BY WARREN COHEN
December 11, 1995 (490 words)
This summer's collective-bargaining agreement was supposed to create good feelings between NBA players and owners. But the Charlotte Hornets quickly learned about the new state of labor relations in the league. This fall, contract extension talks with the team's center, Alonzo Mourning, broke down. Charlotte offered the all-star $ 11.2 million a year, but Mourning's agent, David Falk, maintained that Mourning was worth at least $ 13 million a season. The prospect of losing Mourning to free agency without getting any players in return forced the Hornets to trade him to the Miami Heat.
Charlotte won't be the last team to experience the "Falk factor." Although there are about 300 licensed NBA agents, Falk's obdurate advocacy on behalf of his clients stands out.As a result, his firm,Falk Associates Management Enterprises, represents many of the NBA's top players, including Michael Jordan and Patrick Ewing.
Falk's visibility increased earlier this year, when he and his major clients criticized the NBA labor talks and tried to decertify the players' union. The conflict almost shut down the league. In the end, the majority of players voted for the contract, one of Falk's rare defeats. The agent still insists the deal is a bad bargain -- not for the great players but for the NBA's role players. "Under any system, the superstars will get paid," explains Falk. "Yet salaries will become polarized, and it's not in the interest of the middle class of players."
The cap. The NBA's rookie salary cap poses new challenges for agents. In 1994, the league's top draft pick, Milwaukee's Glenn Robinson, received a 10-year, $ 68 million contract. This year's initial pick, Golden State's Joe Smith, received a cap-mandated three-year, $ 8.5 million deal. Falk insists he isn't worried, but the cap does take away an agent's early payoff if a player lacks longevity.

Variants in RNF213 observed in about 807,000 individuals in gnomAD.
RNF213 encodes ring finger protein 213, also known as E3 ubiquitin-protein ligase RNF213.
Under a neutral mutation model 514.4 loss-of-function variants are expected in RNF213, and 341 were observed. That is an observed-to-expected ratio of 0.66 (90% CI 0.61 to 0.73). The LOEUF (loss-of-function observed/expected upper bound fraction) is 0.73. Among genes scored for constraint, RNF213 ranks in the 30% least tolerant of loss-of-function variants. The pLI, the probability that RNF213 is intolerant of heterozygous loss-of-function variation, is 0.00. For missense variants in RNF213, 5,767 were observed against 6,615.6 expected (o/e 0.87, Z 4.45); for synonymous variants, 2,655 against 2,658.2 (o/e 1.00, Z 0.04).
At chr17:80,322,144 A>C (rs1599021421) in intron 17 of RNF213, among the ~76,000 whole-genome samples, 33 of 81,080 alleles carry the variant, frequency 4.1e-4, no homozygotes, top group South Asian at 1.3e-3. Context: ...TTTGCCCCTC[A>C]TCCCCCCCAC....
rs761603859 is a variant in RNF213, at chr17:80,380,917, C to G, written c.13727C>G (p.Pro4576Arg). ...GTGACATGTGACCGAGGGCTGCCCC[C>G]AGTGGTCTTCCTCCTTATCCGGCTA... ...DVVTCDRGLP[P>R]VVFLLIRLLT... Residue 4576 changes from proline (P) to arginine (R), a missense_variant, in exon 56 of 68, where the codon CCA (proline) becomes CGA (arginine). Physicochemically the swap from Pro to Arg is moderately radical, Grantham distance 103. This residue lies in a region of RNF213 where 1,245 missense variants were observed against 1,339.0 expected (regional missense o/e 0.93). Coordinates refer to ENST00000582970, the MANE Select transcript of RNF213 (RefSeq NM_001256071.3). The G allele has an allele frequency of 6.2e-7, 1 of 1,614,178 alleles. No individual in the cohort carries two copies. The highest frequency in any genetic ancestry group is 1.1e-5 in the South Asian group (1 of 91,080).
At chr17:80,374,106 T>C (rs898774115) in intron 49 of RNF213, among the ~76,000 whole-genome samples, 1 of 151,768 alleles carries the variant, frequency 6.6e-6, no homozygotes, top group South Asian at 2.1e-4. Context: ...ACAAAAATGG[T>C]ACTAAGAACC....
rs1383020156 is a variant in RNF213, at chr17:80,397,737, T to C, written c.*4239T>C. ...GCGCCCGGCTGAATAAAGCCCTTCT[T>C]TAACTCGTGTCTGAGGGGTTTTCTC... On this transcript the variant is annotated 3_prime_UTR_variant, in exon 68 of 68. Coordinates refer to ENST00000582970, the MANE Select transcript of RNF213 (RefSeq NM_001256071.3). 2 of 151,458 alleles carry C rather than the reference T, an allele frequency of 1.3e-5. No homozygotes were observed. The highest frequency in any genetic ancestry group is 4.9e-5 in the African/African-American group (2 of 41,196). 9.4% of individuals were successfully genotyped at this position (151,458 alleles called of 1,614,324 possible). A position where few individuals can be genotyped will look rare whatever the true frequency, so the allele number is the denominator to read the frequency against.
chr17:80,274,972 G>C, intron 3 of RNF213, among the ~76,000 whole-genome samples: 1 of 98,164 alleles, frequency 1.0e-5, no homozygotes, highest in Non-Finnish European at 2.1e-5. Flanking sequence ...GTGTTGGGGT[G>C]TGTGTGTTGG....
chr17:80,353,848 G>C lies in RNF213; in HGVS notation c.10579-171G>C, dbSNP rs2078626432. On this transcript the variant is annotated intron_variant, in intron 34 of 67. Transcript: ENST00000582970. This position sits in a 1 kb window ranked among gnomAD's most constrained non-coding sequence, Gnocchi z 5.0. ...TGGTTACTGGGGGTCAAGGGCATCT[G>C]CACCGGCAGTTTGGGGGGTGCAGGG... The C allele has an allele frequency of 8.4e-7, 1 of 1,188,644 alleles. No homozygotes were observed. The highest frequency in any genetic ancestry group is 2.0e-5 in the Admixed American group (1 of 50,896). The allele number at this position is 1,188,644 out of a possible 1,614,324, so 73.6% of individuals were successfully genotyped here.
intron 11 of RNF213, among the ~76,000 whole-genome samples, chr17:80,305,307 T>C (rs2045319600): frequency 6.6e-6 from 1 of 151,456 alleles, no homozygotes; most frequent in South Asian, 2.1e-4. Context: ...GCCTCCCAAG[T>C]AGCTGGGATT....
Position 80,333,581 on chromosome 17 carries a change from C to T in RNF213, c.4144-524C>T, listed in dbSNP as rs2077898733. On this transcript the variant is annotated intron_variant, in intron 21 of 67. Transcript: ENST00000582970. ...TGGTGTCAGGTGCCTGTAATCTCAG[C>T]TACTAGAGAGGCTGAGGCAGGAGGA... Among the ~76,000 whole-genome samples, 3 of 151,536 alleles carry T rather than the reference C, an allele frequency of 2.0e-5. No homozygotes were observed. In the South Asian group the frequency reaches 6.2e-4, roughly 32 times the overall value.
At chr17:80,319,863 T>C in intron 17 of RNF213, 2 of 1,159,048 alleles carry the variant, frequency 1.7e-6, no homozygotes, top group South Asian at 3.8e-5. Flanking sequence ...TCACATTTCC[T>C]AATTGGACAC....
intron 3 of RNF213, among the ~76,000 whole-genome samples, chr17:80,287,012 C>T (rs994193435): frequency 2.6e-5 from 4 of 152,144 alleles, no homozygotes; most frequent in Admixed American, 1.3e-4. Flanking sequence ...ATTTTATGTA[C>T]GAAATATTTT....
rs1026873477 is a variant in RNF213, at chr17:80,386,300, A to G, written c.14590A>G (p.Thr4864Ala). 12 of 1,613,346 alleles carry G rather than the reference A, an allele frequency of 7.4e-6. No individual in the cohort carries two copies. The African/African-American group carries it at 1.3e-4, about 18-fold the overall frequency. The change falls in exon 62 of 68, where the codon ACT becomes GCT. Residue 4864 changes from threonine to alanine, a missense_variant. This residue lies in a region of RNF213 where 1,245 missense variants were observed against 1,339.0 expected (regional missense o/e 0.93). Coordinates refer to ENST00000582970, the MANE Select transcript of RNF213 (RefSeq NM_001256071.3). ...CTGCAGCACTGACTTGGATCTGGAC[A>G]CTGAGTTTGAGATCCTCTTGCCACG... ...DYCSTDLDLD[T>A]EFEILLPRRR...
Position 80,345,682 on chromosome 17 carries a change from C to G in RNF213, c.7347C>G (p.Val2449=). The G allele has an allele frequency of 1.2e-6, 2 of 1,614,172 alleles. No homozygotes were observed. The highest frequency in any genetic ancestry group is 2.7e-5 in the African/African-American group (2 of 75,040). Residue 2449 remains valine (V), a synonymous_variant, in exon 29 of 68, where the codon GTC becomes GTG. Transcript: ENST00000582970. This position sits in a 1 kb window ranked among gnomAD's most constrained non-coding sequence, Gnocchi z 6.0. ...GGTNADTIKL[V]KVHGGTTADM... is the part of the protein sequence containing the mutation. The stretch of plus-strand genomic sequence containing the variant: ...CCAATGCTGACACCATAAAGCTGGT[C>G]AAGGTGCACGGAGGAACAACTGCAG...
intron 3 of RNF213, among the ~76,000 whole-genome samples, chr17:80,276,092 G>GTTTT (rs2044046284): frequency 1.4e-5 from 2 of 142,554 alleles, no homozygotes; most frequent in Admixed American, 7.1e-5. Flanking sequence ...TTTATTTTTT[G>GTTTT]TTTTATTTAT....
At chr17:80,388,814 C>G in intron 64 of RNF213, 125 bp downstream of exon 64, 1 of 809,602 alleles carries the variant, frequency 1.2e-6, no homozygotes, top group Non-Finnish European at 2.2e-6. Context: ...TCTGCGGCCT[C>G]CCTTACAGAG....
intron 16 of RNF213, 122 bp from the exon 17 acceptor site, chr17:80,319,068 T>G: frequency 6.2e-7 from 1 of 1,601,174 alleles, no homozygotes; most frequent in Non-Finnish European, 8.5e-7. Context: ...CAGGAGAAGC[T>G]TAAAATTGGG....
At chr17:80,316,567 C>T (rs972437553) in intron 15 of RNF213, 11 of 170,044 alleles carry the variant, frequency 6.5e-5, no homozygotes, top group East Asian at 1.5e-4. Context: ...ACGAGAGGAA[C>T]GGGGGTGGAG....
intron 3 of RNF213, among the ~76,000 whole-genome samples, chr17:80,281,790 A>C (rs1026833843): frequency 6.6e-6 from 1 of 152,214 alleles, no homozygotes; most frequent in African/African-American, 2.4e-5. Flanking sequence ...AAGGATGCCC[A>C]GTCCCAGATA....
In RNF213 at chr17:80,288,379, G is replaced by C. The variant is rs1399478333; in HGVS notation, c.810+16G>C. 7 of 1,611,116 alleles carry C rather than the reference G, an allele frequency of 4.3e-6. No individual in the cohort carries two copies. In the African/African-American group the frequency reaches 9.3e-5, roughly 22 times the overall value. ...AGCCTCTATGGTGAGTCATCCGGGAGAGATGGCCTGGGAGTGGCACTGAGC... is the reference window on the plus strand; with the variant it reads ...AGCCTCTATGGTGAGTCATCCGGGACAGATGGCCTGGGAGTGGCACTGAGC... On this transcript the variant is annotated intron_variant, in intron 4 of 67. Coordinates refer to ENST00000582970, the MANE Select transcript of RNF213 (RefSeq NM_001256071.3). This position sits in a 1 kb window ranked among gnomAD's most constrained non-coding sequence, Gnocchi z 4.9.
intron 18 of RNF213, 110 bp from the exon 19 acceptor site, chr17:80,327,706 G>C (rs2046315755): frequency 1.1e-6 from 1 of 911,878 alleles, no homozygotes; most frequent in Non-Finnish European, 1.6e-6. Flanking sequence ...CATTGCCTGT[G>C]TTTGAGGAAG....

Few agents pursue endorsements for their clients as relentlessly as Falk. Jokes Dennis Scott of the Orlando Magic: "I have to tell David to stop calling me." But some of Falk's ex-clients are no longer so chummy with him. Former player Adrian Dantley has filed a lawsuit against Falk and his former colleagues. The suit alleges that poor financial advice caused Dantley to lose $ 1.5 million. Falk denies the charges.
One of Falk's next assignments will be negotiating a new contract for Jordan. When the agent worked out Jordan's last deal in 1988 with the Chicago Bulls, the player received an annual salary of more than $ 3 million, one of the NBA's highest paychecks at the time. But escalating contracts soon made these numbers look small. Jordan's deal expires next summer, and Falk will seek very big dollars. "The greatest player in the history of the game, who has been underpaid for the last six years," declares the agent, "should be the highest-paid player in the game." Sounds like the Bulls will be confronting the "Falk factor" again.